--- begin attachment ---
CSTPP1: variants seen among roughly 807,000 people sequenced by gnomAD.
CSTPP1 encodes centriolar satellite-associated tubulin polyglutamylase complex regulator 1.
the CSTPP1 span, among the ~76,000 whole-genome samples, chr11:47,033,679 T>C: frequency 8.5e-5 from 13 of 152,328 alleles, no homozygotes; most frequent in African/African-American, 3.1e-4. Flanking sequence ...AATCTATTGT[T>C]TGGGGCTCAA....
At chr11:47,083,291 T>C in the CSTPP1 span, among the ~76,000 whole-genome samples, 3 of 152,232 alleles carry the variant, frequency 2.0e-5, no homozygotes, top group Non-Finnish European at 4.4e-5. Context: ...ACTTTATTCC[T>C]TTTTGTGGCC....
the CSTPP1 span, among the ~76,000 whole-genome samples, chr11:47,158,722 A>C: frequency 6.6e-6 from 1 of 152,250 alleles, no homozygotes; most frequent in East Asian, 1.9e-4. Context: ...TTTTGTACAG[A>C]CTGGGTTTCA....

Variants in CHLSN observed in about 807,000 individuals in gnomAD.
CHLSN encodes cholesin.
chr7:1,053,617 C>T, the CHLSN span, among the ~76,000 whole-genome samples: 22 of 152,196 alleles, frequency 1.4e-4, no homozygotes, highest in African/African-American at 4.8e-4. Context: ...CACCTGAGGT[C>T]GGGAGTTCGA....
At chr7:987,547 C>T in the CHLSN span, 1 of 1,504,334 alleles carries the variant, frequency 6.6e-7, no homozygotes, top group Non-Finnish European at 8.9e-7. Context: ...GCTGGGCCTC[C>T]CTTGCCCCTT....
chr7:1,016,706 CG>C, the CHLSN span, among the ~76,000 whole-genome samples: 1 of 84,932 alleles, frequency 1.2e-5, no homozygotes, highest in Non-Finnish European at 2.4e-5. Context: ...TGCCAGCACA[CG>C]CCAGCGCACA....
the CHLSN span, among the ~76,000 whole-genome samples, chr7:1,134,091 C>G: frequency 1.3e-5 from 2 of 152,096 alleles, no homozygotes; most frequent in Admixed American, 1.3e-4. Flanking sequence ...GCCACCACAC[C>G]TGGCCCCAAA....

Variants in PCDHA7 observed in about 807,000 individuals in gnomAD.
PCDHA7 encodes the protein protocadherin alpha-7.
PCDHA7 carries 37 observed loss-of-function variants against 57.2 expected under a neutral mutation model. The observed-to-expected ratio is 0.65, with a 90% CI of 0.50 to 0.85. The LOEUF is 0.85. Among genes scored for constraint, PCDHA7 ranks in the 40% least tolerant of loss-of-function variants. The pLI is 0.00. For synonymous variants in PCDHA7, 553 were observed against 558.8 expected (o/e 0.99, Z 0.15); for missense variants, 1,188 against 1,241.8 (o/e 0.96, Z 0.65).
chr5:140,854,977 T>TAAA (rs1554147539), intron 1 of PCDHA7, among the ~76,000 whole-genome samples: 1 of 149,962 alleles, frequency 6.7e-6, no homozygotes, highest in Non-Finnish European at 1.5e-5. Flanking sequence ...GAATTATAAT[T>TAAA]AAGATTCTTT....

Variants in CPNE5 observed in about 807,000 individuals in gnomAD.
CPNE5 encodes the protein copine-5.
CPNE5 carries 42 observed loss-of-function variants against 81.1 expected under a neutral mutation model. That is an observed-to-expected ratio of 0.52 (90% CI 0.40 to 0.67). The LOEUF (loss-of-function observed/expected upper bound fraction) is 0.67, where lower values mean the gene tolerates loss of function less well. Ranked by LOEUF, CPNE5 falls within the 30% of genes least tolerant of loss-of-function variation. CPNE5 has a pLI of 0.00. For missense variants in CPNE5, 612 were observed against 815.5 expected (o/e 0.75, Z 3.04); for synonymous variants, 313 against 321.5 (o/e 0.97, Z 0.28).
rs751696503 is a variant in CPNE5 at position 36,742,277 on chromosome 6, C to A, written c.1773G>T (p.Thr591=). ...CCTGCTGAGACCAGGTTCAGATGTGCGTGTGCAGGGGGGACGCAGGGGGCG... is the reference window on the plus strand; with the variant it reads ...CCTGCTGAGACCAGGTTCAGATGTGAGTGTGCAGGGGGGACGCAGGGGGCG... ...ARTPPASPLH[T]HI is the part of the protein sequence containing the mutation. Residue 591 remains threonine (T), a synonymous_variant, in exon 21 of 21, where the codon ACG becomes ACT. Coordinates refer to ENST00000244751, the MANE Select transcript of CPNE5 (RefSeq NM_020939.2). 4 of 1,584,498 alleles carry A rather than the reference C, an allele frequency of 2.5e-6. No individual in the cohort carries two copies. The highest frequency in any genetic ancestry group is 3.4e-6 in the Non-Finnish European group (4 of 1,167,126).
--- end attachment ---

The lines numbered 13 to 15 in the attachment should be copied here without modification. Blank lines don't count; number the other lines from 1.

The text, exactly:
PCDHA7 encodes the protein protocadherin alpha-7.
PCDHA7 carries 37 observed loss-of-function variants against 57.2 expected under a neutral mutation model. The observed-to-expected ratio is 0.65, with a 90% CI of 0.50 to 0.85. The LOEUF is 0.85. Among genes scored for constraint, PCDHA7 ranks in the 40% least tolerant of loss-of-function variants. The pLI is 0.00. For synonymous variants in PCDHA7, 553 were observed against 558.8 expected (o/e 0.99, Z 0.15); for missense variants, 1,188 against 1,241.8 (o/e 0.96, Z 0.65).
chr5:140,854,977 T>TAAA (rs1554147539), intron 1 of PCDHA7, among the ~76,000 whole-genome samples: 1 of 149,962 alleles, frequency 6.7e-6, no homozygotes, highest in Non-Finnish European at 1.5e-5. Flanking sequence ...GAATTATAAT[T>TAAA]AAGATTCTTT....